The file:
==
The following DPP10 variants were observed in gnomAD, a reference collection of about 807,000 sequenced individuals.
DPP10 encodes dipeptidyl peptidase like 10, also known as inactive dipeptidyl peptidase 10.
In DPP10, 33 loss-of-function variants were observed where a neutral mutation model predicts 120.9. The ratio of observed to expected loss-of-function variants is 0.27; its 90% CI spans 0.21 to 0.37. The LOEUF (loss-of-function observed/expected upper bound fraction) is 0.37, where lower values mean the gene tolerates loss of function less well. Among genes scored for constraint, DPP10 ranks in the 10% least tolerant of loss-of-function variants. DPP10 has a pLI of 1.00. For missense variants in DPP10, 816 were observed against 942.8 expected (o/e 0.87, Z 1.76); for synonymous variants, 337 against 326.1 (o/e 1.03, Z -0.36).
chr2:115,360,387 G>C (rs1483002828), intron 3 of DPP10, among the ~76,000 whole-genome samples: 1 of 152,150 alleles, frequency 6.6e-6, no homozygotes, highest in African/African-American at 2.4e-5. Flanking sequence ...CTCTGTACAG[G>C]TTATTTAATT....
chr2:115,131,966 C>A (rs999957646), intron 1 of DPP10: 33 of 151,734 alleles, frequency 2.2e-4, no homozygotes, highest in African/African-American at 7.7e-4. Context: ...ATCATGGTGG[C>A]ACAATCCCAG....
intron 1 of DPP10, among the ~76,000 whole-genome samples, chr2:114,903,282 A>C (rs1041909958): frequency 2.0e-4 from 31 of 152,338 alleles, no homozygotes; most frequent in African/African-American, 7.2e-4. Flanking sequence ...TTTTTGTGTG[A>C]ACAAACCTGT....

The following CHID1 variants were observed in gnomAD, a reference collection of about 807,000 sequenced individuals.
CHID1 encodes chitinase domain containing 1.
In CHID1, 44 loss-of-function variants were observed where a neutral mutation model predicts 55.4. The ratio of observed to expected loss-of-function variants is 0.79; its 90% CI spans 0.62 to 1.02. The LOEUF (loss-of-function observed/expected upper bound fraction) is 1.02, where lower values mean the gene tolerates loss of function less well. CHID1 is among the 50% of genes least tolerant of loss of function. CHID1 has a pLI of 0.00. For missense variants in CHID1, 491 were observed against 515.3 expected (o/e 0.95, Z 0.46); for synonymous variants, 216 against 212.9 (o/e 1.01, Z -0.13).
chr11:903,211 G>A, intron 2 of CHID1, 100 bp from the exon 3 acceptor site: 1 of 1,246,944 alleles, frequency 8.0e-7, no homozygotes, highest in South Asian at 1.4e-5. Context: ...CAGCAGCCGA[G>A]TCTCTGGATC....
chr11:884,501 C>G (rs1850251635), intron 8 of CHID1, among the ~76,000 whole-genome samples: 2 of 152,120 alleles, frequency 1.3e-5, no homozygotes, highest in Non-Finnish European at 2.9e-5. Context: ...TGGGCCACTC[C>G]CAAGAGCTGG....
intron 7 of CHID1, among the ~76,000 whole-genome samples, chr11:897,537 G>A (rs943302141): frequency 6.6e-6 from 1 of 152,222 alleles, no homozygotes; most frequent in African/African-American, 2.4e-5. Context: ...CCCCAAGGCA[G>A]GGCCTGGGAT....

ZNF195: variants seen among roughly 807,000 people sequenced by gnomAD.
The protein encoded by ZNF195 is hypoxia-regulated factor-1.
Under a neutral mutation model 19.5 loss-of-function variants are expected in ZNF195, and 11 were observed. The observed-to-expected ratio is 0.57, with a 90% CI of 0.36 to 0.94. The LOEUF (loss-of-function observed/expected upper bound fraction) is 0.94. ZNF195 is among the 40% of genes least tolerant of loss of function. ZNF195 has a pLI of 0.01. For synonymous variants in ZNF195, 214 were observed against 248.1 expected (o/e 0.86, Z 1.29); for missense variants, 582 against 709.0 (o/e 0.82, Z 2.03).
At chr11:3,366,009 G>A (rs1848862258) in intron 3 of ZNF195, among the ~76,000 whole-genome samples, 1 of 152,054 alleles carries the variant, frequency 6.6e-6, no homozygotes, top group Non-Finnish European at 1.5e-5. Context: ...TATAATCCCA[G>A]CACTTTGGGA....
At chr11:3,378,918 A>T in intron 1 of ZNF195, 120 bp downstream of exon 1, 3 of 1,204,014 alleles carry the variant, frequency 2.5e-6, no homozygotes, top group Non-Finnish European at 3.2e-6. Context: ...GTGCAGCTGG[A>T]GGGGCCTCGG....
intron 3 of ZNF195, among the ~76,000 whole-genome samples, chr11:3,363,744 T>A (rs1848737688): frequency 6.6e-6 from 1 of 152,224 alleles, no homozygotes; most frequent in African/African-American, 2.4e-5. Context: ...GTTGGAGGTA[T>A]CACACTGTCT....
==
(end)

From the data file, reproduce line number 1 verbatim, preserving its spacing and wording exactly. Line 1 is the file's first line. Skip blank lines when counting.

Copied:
The following DPP10 variants were observed in gnomAD, a reference collection of about 807,000 sequenced individuals.